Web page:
It was a few days before Christmas 1996, and David Bonior was not in the holiday spirit. With a characteristically grim look on his face, the Michigan Democrat walked into the House Radio-TV gallery to express his outrage at the ethical transgressions of Speaker Newt Gingrich. "Anyone who has engaged in seven years of tax fraud to further his own personal and political benefits is not deserving of the speakership," Bonior told reporters. "Mr. Gingrich has engaged in a pattern of tax fraud, lies, and cover-ups in paving his road to the second highest office in the land."
As he had several times since the Republican takeover of the House, Bonior called on the speaker to resign immediately. But he said whatever Gingrich might do, the issue would inevitably move beyond the House Ethics Committee, which was then conducting a long-running investigation. "I would expect the Justice Depaitnient, the FBI, a grand jury, and other appropriate entities to investigate," Bonior said. "I don't see any way they can ignore this." In the end, he predicted, the speaker would likely face criminal charges.
Bonior wasn't alone in making such allegations. Fellow Democrat John Lewis accused Gingrich of engaging in a "massive tax-fraud scheme." George Miller of California said his actions were designed "to defraud the tax laws of the country." And Colorado's Pat Schroeder concluded, "We might as well rip up all the laws, rip up all the rule books, if the guy at the head can thumb his nose at them."
At the center of the controversy was a course Gingrich taught from 1993 to 1995 at two small Georgia colleges. The class, called "Renewing American Civilization," was conceived by Gingrich and financed by a tax-exempt organization called the Progress and Freedom Foundation. Gingrich maintained that the course was a legitimate educational enterprise; his enemies contended that it had little to do with learning and was in fact a political exercise in which Gingrich abused a taxpayer-subsidized foundation to spread his own partisan message.
The accusation, started by a small group of Democrats but amplified in thousands of press reports, led to the Ethics Committee investigation, which in turn led Gingrich to make a limited confession of wrongdoing in January 19 97. The speaker pleaded guilty to the previously unknown offense of failing to seek detailed advice from a tax lawyer before proceeding with the course, and he also admitted that he had provided "inaccurate, incomplete, and unreliable" information to Ethics Committee investigators. In return, the House reprimanded Gingrich and levied an unprecedented $300,000 fine.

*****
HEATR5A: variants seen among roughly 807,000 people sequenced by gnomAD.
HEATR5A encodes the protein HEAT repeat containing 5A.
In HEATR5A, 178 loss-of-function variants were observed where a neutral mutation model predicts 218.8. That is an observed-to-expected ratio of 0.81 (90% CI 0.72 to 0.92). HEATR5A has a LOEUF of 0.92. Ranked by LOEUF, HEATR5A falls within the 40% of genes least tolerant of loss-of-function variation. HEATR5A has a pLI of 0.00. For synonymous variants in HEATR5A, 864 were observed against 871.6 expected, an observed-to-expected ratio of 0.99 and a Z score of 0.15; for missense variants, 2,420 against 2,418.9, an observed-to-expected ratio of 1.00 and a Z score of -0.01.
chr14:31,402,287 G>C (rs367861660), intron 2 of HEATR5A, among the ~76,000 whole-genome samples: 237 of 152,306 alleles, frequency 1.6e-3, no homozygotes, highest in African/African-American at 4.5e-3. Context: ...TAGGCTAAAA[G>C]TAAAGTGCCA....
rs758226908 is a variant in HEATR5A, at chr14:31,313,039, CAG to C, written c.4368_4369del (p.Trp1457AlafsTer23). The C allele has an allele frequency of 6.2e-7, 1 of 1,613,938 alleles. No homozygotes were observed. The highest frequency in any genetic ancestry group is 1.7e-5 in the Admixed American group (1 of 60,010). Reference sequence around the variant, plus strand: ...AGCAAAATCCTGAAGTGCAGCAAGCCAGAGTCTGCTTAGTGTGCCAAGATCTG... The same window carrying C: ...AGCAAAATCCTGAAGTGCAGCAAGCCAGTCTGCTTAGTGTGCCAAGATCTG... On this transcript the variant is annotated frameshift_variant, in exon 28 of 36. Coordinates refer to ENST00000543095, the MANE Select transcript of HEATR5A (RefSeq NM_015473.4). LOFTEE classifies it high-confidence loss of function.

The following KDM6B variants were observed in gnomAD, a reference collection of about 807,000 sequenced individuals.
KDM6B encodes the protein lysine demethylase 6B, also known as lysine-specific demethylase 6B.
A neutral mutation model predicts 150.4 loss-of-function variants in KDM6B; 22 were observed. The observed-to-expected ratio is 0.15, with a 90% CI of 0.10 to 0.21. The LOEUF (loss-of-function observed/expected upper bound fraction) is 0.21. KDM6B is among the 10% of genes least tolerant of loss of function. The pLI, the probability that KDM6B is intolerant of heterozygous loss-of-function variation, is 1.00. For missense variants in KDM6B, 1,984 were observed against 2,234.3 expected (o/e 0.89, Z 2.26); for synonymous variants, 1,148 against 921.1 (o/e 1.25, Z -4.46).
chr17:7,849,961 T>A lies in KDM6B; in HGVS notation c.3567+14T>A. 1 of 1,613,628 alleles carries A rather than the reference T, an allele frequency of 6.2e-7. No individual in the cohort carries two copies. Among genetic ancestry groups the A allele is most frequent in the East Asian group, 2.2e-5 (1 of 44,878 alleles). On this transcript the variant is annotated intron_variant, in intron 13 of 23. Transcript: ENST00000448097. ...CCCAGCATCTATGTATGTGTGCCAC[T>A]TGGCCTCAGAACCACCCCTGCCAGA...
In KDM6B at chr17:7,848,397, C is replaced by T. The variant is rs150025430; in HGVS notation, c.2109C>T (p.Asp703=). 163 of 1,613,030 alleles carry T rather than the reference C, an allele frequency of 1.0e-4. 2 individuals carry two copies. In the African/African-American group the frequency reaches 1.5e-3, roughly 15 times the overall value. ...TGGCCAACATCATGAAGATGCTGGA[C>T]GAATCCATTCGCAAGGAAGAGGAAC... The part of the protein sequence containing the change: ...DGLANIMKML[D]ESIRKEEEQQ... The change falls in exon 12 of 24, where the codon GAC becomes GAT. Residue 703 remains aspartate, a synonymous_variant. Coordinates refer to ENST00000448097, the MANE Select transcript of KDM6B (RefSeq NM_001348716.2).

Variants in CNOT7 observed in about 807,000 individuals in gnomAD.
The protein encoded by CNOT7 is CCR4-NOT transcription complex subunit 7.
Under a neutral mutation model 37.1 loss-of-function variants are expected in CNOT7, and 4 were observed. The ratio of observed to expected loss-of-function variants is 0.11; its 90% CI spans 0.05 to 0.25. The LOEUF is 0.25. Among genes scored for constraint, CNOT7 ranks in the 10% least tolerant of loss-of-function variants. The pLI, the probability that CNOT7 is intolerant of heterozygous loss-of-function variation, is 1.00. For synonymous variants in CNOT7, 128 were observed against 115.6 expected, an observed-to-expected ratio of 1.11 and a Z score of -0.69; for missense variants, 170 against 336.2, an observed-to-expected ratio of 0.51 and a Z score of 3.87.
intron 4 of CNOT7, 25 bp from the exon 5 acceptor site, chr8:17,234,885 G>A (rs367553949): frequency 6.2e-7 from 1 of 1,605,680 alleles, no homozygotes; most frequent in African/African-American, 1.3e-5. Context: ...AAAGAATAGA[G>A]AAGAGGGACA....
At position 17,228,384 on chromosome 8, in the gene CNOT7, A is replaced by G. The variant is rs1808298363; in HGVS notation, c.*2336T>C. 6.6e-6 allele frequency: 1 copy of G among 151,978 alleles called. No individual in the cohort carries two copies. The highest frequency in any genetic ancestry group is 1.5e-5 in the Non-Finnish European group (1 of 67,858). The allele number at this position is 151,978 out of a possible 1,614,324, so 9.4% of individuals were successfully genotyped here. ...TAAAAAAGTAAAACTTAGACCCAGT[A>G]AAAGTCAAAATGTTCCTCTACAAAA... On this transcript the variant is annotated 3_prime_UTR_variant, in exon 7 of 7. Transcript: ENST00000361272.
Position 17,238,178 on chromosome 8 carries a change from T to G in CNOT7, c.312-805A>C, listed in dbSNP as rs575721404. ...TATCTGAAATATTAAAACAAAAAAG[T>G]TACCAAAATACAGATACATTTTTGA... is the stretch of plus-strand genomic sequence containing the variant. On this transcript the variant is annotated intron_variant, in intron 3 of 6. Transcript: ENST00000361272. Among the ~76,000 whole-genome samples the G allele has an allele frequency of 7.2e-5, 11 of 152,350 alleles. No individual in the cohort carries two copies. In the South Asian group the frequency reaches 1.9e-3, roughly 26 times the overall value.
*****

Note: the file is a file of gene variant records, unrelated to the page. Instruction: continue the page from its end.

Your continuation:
But the matter didn't end there. As David Bonior had hoped, another government agency—the Internal Revenue Service— began an investigation of Gingrich. During a probe that took three years, the IRS carefully combed through the records of the college course, the workings of the Progress and Freedom Foundation, and the ways in which both related to Gingrich's political network. After finishing the investigation early this year, the IRS sent the foundation a densely written, highly detailed 74-page report which reached this conclusion: Gingrich acted completely within the law. There was no massive tax-fraud scheme .
Of course, by that time no one could undo the damage to Gingrich ; he was out of Congress, widely assumed to be guilty, and $300,000 poorer after paying the fine with his own money . The report's main value appeared to be as a correction of the historical record .
But it might ultimately be more than that . At some point in the not-too-distant future, the IRS investigation could become a key element of Gingrich's rehabilitation . For a variety of reasons-among them his unstoppable stream of big ideas and his unmatched ability to raise large sums of money-Gingrich might well return to the front ranks of the Republican Party .
Cleared of accusations of wrongdoing, he might engineer a return to the national political stage much like Richard Nixon did after his own period of exile following electoral defeats in 196o and 1962. The IRS clearance could be the first small, but necessary, step of Newt Gingrich's comeback.
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